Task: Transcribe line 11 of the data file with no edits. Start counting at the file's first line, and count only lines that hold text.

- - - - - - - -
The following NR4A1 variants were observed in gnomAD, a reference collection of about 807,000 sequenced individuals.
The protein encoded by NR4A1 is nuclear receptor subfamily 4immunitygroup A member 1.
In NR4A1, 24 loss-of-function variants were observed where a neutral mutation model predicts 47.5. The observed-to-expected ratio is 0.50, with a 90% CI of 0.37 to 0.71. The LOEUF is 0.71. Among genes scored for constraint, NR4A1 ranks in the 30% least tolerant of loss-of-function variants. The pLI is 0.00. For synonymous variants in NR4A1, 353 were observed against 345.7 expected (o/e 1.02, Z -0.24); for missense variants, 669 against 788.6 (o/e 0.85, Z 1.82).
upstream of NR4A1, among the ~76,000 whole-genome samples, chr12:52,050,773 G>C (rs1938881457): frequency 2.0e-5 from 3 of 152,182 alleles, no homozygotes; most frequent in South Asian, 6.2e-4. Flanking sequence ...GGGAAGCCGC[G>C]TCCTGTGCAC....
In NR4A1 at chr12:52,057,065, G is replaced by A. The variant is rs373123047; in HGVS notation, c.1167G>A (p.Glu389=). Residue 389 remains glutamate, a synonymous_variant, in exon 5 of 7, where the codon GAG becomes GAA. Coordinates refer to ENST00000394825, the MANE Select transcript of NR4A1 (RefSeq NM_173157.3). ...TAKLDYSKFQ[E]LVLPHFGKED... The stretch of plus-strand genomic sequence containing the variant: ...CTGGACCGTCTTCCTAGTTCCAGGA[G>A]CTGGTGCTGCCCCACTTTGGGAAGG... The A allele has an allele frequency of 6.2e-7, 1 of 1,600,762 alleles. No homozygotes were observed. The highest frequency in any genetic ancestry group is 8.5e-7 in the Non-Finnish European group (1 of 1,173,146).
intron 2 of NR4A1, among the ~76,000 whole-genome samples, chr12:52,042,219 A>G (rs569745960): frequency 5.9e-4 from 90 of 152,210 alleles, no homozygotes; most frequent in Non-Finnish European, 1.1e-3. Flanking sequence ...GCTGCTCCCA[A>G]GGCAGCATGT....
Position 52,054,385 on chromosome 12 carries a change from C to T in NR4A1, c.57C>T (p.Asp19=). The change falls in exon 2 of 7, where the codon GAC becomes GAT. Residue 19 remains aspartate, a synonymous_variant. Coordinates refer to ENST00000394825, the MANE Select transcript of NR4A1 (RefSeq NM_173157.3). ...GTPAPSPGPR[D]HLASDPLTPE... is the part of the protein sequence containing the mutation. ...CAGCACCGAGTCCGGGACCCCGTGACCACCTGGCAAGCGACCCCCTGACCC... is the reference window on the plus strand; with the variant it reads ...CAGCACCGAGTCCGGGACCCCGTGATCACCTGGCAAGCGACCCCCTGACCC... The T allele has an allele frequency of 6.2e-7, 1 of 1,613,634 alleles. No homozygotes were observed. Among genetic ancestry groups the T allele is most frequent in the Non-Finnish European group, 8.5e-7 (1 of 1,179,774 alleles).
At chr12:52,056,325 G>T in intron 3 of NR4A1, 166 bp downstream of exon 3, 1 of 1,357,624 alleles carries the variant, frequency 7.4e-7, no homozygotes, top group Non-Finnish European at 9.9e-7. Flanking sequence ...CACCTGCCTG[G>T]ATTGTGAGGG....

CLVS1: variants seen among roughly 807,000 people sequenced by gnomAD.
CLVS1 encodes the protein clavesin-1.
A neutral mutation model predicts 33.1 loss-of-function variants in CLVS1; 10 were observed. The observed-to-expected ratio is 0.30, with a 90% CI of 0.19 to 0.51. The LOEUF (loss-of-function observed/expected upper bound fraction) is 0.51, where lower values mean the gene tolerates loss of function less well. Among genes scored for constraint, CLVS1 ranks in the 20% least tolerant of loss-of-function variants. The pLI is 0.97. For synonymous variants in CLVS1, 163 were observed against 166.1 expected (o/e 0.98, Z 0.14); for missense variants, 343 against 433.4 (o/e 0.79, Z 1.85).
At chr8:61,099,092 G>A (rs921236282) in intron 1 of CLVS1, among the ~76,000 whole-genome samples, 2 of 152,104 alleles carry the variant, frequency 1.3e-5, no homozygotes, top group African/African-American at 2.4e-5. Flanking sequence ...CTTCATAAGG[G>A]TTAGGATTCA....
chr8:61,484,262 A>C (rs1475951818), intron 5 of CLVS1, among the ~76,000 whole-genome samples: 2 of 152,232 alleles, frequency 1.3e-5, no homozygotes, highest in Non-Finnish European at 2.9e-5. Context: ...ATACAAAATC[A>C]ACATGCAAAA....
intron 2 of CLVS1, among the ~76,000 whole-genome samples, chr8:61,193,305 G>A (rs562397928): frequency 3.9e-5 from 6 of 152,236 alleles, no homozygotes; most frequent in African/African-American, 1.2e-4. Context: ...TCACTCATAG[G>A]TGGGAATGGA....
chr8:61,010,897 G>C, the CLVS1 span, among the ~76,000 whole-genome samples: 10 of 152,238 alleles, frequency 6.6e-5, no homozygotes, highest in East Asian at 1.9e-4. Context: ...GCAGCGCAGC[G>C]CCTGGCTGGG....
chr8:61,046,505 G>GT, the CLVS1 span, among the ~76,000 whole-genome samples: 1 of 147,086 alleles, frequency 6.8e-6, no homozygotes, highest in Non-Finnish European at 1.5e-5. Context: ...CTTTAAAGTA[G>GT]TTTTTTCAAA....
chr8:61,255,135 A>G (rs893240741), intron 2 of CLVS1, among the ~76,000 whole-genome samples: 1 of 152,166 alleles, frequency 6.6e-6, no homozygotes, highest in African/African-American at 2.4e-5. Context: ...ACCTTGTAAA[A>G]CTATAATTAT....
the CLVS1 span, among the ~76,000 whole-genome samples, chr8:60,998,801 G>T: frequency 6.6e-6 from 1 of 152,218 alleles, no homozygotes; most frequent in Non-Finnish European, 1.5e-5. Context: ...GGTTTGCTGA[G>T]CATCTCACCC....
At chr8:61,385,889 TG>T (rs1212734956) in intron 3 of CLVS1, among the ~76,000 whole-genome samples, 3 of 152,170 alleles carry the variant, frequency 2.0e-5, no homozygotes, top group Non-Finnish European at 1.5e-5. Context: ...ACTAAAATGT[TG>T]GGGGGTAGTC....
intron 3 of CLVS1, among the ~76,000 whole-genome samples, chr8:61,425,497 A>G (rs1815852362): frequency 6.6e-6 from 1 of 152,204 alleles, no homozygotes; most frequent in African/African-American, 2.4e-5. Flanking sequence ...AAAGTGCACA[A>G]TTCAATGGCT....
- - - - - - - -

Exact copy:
A neutral mutation model predicts 33.1 loss-of-function variants in CLVS1; 10 were observed. The observed-to-expected ratio is 0.30, with a 90% CI of 0.19 to 0.51. The LOEUF (loss-of-function observed/expected upper bound fraction) is 0.51, where lower values mean the gene tolerates loss of function less well. Among genes scored for constraint, CLVS1 ranks in the 20% least tolerant of loss-of-function variants. The pLI is 0.97. For synonymous variants in CLVS1, 163 were observed against 166.1 expected (o/e 0.98, Z 0.14); for missense variants, 343 against 433.4 (o/e 0.79, Z 1.85).